[development] 2k qps

Tamir Khason tamirk at gmail.com
Wed Oct 11 13:08:49 UTC 2006

 Yes, sure it is a one of things to consider - MaxClients.  But it's
not an issue when it comes to server hang. It doesn't have time to
start swap but just hangs. It worked like this with 100-256 clients
configured. Each process takes around 10-13MB. It cannot be decreased
since lot of modules are loaded. Actually we can turn off log module
and info module and may be more here and there...but overall this
doesn't help. The hang happens immediately and not slowly  with the
time. We have simple monitor for load average coming to 5 and then
sending mail. The problem is that load average goes to 100 within a
minute and nothing can alert or work. Sometimes it reaches 500.
Average process amount is around 70-80 until the problem comes to
visit us...So adjusting MaxClients won't help a lot here.
KeepAlive is 15 sec and it's fair. I can reduce it to 3-5 secs..not
sure it might help. Once again, when problem starts all processes are
engaged and system hangs..so keepalive won't help. May be Timeout..but
we cannot decrease its settings otherwise it will cut on image upload.
If I am not mistakening thttpd is discontinued project. In our case I
wanted use TUX but it cannot serve htaccess file. So I am planning run
2 apache.  1 in worker mode and server static content and behind it
prefork mode serving dynamic content only.
We tried to move everything to httpd.conf but seems those Drupal guys
want .htaccess to exist so we have no choice and using it and I do
know that apache makes an extra look for .htaccess in each dir it
 Shortly: we cannot turn AllowOverride to None.
Query_cache for some tables could be an interesting thing. We will
surely investigate this one and try.  Also we will look into that
alias thingy you've been talking about.
More than that, we even don't succeed to enter server-status in apache
to see what goes on...everything goes too fast and something kills the
server within the seconds..

 Thanks so far

> From: Amr Mostafa <amr.mostafa at gmail.com>
> Date: Wed, 11 Oct 2006 10:27:54 +0200
> Subject: Re: [development] 2k qps
> To: development at drupal.org
> > Check  if the number of Apache processes is too high (e.g. 256 which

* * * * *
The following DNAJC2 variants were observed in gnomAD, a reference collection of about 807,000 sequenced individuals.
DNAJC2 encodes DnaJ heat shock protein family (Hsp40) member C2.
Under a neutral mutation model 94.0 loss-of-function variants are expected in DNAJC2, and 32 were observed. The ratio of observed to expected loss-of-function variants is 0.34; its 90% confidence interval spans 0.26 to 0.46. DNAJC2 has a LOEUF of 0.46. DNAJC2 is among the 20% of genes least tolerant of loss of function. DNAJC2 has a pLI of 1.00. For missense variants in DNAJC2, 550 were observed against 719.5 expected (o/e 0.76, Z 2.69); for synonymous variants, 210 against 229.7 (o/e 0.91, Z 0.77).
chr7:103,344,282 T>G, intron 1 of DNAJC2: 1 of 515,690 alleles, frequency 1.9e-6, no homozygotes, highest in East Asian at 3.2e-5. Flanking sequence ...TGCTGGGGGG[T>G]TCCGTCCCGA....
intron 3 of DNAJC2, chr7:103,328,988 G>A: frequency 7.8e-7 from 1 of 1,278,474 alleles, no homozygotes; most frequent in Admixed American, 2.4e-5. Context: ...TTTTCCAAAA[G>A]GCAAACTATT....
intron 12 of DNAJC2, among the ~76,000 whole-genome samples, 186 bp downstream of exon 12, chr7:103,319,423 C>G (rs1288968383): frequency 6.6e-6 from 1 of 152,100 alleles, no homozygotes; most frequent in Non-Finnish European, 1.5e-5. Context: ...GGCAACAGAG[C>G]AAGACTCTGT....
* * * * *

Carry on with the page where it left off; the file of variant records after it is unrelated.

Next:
> > may not fit in your RAM without swapping), and lower it if necessary.
> Regarding this, what I do is watch the process table, see the average
> memory footprint for each apache process, let's say it's 6 mb. You
> have 1000 mb, leave some RAM for mysql and other services, so
> remaining is 600 mb (just an example). 600/6 = 100. And that's the Max
> apache processes I will be allowing. Because more than that it means
> my apache will swap.
> If your theme has lots of images, consider tweaking your Keep-Alive
> (http://httpd.apache.org/docs/1.3/keepalive.html) and cache
> (http://www.mnot.net/cache_docs/), it will help save unnecessary
> apache processes. Also, consider serving your non php files under
> thttpd (http://www.acme.com/software/thttpd/) or another light web
> server.
> Consider moving your rewriting rules to to conf files instead of
> .htaccess, due to way rewriting works, it internally resets part of
> the request processing cycle when invoked too late (e..g via
> .htaccess) while having it in conf files enables it to take action
> early enough.
> Consider removing your .htaccess completely, move the configuration to
> .conf files, and disable .htaccess in apache conf. This will save you
> a few system calls.
> If your site is a community one that gets updated a lot, consider
> turning off query cache for some tables. Because in that case, cache
> becomes invalid in very short intervals and maintaining cache becomes
> overhead.
> No one sugguested a Drupal performance tip. I will kick the ball off,
> it's a bit nuts, might break things but this is the devel list right ?
> I find many sites not using Drupal's aliases feature. If you are one
> of those, consider turning off aliases lookup. I do this quickly by
> adding return FALSE in first line in
> (http://api.drupal.org/api/4.7/function/drupal_lookup_path). This will
> save you some queries.
> Of course you will want to benchmark all that and see what works best
> for you.

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